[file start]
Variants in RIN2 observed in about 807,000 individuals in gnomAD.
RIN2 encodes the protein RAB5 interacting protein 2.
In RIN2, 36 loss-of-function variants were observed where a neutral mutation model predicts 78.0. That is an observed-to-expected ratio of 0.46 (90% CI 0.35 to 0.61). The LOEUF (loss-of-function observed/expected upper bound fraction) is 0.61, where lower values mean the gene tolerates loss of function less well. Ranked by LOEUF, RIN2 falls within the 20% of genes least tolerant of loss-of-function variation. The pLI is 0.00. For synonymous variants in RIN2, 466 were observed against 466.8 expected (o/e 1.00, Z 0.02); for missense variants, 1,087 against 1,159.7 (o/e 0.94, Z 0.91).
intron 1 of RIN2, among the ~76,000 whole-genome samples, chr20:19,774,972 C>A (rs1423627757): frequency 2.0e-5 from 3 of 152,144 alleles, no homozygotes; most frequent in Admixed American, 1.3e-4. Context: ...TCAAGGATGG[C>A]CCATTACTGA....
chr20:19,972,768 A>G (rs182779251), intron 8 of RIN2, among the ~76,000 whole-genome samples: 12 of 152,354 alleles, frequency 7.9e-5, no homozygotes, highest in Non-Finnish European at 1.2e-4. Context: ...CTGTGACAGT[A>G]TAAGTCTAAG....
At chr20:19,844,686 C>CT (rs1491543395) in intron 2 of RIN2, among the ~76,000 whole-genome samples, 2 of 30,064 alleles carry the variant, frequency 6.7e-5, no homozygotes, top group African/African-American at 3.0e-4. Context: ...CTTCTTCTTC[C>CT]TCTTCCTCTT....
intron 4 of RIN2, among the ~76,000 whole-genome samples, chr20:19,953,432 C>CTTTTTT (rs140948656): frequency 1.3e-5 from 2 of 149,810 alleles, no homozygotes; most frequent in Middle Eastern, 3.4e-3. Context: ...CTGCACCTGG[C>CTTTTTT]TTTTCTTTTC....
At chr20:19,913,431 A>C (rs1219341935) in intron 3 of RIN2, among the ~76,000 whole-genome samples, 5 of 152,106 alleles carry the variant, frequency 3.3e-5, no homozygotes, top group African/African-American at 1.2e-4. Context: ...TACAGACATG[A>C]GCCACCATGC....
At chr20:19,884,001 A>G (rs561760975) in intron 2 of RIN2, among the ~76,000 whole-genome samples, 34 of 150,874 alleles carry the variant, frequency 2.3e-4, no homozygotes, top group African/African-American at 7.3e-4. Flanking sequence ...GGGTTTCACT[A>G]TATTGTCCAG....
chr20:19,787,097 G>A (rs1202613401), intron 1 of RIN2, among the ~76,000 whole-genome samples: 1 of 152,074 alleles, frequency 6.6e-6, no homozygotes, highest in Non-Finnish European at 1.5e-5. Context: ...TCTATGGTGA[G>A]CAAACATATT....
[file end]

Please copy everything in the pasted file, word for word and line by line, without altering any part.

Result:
Variants in RIN2 observed in about 807,000 individuals in gnomAD.
RIN2 encodes the protein RAB5 interacting protein 2.
In RIN2, 36 loss-of-function variants were observed where a neutral mutation model predicts 78.0. That is an observed-to-expected ratio of 0.46 (90% CI 0.35 to 0.61). The LOEUF (loss-of-function observed/expected upper bound fraction) is 0.61, where lower values mean the gene tolerates loss of function less well. Ranked by LOEUF, RIN2 falls within the 20% of genes least tolerant of loss-of-function variation. The pLI is 0.00. For synonymous variants in RIN2, 466 were observed against 466.8 expected (o/e 1.00, Z 0.02); for missense variants, 1,087 against 1,159.7 (o/e 0.94, Z 0.91).
intron 1 of RIN2, among the ~76,000 whole-genome samples, chr20:19,774,972 C>A (rs1423627757): frequency 2.0e-5 from 3 of 152,144 alleles, no homozygotes; most frequent in Admixed American, 1.3e-4. Context: ...TCAAGGATGG[C>A]CCATTACTGA....
chr20:19,972,768 A>G (rs182779251), intron 8 of RIN2, among the ~76,000 whole-genome samples: 12 of 152,354 alleles, frequency 7.9e-5, no homozygotes, highest in Non-Finnish European at 1.2e-4. Context: ...CTGTGACAGT[A>G]TAAGTCTAAG....
At chr20:19,844,686 C>CT (rs1491543395) in intron 2 of RIN2, among the ~76,000 whole-genome samples, 2 of 30,064 alleles carry the variant, frequency 6.7e-5, no homozygotes, top group African/African-American at 3.0e-4. Context: ...CTTCTTCTTC[C>CT]TCTTCCTCTT....
intron 4 of RIN2, among the ~76,000 whole-genome samples, chr20:19,953,432 C>CTTTTTT (rs140948656): frequency 1.3e-5 from 2 of 149,810 alleles, no homozygotes; most frequent in Middle Eastern, 3.4e-3. Context: ...CTGCACCTGG[C>CTTTTTT]TTTTCTTTTC....
At chr20:19,913,431 A>C (rs1219341935) in intron 3 of RIN2, among the ~76,000 whole-genome samples, 5 of 152,106 alleles carry the variant, frequency 3.3e-5, no homozygotes, top group African/African-American at 1.2e-4. Context: ...TACAGACATG[A>C]GCCACCATGC....
At chr20:19,884,001 A>G (rs561760975) in intron 2 of RIN2, among the ~76,000 whole-genome samples, 34 of 150,874 alleles carry the variant, frequency 2.3e-4, no homozygotes, top group African/African-American at 7.3e-4. Flanking sequence ...GGGTTTCACT[A>G]TATTGTCCAG....
chr20:19,787,097 G>A (rs1202613401), intron 1 of RIN2, among the ~76,000 whole-genome samples: 1 of 152,074 alleles, frequency 6.6e-6, no homozygotes, highest in Non-Finnish European at 1.5e-5. Context: ...TCTATGGTGA[G>A]CAAACATATT....